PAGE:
Chapter 5: The Truth Hurts
Elijah Woodward had sustained quite a reputation in his twelve years of service to the law. He was only in his late thirties, yet he'd managed to gain himself a reputation as being ruthless in the courtroom, and perfectly polite and courteous outside. He respected the desire for justice, and considered himself a good judge of character. In about ninety-percent of cases when the evidence presented on both sides meant the outcome was utterly unforeseeable, he knew the trump card which would favour a win was the character of individual on trial.
Law had been in his blood as long as he could remember. His father had been the highly reputable Judge Sebastian Woodward, who had retired only last month, and so following his footsteps had been a rather big pair of shoes to fill. Due to the amount of successes he'd obtained, however, he felt confident he was living up to his father's reputation quite well.
He wasn't exactly the kind of barrister anyone ever expected. He was African-American in descent – in fact, most of his life had been spent in third world countries, where the respectability of the law was constantly challenged and questioned - yet knew an extensive amount on International Law. He was 5 foot 9, and always clad in dark suits, usually navy blue in colour which was his lucky colour. And despite his very busy work schedule, he still had managed to find love and make a family, with his wife being a successful business woman with her own chain of shops up and down the Australian coast, and his daughters both flourishing beautifully.
In short, he'd managed to keep the two worlds of career and family both distant and entwined quite beautifully.
"Mr Woodward," his secretary, Helen Rush, called, popping into his office momentarily. "Your ten o'clock is here."
"Ah, right," Elijah said, scanning his appointment list. "This would be a Mr Charles Pace, am I correct?"
"Yes, you are," Helen simpered.
"Would he be any relation to Liam Pace perchance?" Elijah enquired.
"From what I gather, they are brothers," Helen informed him.
"Thank you, Helen," Elijah said, smiling gratefully at her. "That'll be all."
As she scurried out, he sat behind his desk, turning the picture of his youngest daughter, Elyse, towards him, subconsciously mirroring her toothy grin. He stared at the door, waiting as two men walked in, one looking completely out of his depth, whilst the other seemed to appear fairly confident.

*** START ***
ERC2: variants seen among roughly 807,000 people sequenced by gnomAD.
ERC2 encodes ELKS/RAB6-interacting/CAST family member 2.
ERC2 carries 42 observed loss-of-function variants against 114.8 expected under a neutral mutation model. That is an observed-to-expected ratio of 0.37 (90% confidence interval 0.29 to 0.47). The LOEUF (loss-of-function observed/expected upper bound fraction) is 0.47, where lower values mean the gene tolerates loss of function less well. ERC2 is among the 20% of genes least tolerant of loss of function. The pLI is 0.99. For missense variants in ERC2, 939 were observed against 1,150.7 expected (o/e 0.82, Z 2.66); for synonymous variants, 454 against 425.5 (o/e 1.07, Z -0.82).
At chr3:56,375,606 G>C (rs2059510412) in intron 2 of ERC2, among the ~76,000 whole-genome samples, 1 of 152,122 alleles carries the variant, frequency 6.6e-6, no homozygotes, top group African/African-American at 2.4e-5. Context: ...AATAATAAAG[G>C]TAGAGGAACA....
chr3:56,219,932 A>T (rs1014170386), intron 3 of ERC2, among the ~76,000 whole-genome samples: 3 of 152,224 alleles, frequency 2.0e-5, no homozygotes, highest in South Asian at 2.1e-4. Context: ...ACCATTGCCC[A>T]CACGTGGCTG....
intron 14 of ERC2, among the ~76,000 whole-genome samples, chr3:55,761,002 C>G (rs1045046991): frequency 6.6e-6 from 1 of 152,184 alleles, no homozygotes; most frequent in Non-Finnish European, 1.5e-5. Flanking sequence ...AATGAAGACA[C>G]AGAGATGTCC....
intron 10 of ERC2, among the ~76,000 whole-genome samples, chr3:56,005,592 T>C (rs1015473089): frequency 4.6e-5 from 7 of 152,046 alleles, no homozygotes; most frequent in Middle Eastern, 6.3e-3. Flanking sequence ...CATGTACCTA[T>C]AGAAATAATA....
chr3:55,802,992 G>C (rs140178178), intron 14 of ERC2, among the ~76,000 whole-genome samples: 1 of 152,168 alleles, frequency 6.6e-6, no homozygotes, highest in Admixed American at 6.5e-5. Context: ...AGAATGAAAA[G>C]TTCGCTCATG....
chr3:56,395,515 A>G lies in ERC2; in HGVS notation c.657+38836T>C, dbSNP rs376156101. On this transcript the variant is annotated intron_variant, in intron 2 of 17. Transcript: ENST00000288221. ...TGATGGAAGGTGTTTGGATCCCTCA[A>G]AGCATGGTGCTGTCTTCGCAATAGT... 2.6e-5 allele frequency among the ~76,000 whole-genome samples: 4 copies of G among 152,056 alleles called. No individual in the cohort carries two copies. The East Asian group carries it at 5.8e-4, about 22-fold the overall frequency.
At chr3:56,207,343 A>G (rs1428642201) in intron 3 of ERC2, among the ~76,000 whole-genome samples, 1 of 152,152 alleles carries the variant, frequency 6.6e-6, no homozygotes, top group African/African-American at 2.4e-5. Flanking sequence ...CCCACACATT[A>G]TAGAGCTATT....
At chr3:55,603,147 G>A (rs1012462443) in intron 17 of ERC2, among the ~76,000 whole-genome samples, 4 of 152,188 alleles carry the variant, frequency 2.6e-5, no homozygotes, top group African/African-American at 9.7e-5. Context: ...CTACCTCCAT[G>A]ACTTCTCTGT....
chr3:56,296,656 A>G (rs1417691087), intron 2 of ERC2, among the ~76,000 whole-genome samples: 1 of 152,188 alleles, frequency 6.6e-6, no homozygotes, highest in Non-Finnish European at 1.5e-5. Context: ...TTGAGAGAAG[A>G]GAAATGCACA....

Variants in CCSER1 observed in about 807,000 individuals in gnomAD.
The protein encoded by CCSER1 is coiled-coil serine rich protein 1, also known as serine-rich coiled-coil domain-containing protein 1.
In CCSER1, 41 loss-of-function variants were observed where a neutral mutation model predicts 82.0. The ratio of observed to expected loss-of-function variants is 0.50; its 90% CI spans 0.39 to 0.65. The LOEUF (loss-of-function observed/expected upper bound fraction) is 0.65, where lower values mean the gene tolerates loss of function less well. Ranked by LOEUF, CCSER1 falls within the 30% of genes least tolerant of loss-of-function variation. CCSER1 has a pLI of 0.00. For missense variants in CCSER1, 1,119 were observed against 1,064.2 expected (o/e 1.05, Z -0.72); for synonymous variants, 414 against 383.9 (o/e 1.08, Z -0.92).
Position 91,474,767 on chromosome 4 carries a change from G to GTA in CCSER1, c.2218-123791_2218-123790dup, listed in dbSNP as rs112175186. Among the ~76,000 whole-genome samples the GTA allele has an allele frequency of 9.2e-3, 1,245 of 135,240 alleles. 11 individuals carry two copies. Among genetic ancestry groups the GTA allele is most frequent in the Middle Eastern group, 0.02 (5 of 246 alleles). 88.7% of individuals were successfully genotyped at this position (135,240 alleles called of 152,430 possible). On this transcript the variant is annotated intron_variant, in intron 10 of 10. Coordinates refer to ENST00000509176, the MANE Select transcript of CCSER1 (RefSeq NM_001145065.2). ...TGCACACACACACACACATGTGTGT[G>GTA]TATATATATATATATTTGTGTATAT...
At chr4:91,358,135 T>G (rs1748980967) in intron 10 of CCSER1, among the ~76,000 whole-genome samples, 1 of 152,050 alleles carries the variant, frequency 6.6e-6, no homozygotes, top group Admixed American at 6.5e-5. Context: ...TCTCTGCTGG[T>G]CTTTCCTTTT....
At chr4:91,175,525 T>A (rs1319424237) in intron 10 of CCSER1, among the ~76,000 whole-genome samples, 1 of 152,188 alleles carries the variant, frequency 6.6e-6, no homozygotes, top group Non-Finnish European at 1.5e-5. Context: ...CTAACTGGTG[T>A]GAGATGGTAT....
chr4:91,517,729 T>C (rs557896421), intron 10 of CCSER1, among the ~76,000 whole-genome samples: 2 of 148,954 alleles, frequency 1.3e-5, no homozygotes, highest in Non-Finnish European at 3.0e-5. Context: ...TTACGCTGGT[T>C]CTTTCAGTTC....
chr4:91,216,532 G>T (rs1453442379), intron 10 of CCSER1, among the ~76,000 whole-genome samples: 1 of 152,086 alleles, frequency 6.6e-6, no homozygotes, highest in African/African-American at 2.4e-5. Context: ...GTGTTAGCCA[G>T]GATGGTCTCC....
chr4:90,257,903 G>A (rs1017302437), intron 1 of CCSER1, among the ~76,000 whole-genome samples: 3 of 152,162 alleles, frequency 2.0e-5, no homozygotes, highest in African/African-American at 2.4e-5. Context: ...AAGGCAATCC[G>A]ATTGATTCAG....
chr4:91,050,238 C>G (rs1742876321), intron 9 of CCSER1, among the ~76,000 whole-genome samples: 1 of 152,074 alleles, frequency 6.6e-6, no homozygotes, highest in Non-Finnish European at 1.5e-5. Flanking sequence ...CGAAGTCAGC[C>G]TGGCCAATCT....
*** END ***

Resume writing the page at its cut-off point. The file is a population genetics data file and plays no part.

"Mr Pace," Elijah greeted Liam enthusiastically. "It's good to see you again. I do hope you're keeping well?"
"All thanks to you, sir," Liam replied, equally as enthusiastic. "This is my brother, Charlie."
Elijah turned and shook Charlie's hand, sharing the same wide grin in his direction, noticing the younger man looked worn and haggard, his eyes containing sheer exhaustion and pain.
"Now, what can I do you both for?" he enquired, gesturing for them to sit down in the chairs provided.
Liam looked at Charlie meaningfully.
"I've got a dilemma," Charlie began cautiously. "Well, not a dilemma per se. You see I survived a plane crash…"
"Oceanic 815?" Elijah recalled. "Yes, I heard about that. It's a miracle you all survived for as long as you did."
"Right. Well, I met this wonderful woman there. She was pregnant and ended up giving birth on the island. We fell in love and once we were rescued, we started a life together here in Australia. Her, me and the baby."
"Uh-huh, so far I'm following you," Elijah responded, nodding solemnly.
"She died not long after we were rescued," Charlie continued, his voice tightening with the pain accompanying that statement. "In a car crash, leaving me with the baby. His name is Aaron. He's got her eyes and her smile, and he's just the most gorgeous baby in the entire world. But a few days ago, the father of the child came to see me. I know for a fact Claire said he'd wanted nothing to do with his son about seven or eight months into the pregnancy, and he left her. He left them," he corrected himself. "And now he shows up, claiming to sue for custody unless I give him his son. And I don't know what to do."
"We were hoping to file for sole custody ourselves," Liam interjected. "Well, not me, but him. Is that possible?"
Elijah had been following this story with interest, his hands resting together on his desk as he began to process it all, his mind mapping out the possible routes they could go down should he agree to take the case.
"It's unusual, but not unheard of," he said slowly. "I've seen many cases of custody battles where someone who is not biologically related to the child in question win sole custody over the biological parent. Usually, however, you have to go down this long legal road of trying to prove what qualifies you for sole guardianship, or, in many cases, what makes the biological parent unfit to care for the child. Does the father display violent tendencies?"
"Um…no, not that I know of," Charlie said, looking bewildered by the question.
"Is he an alcoholic? Does he have an addiction or mental illness which might affect the way he would raise his child, if given sole custody?" Elijah pursued.
"No… I don't think so," Charlie replied, flustered. "Look, I only met the guy once! Other than being a prick, I don't think he has any violent tendencies, or addictions."
"I know you won't want to hear this, Mr Pace," Elijah said slowly, leaning back in his chair. "But any reasonably impartial judge will not look twice at your case. They'll automatically issue custody to the biological father. Have you got anything that might give a judge reason to hear your side of the story? Anything that might plant a seed of doubt? That's what we'll need if this case is to get through."
"Um, I know a few weeks before Claire's death, he was harassing her for custodial rights," Charlie recalled nervously.
"Okay, I can run with that," Elijah said, retrieving a notepad and jotting down notes. "We can check police records, see if any kind of harassment claim was ever filed. Anything else?"
"She seemed to be under the impression he was following her," Charlie listed.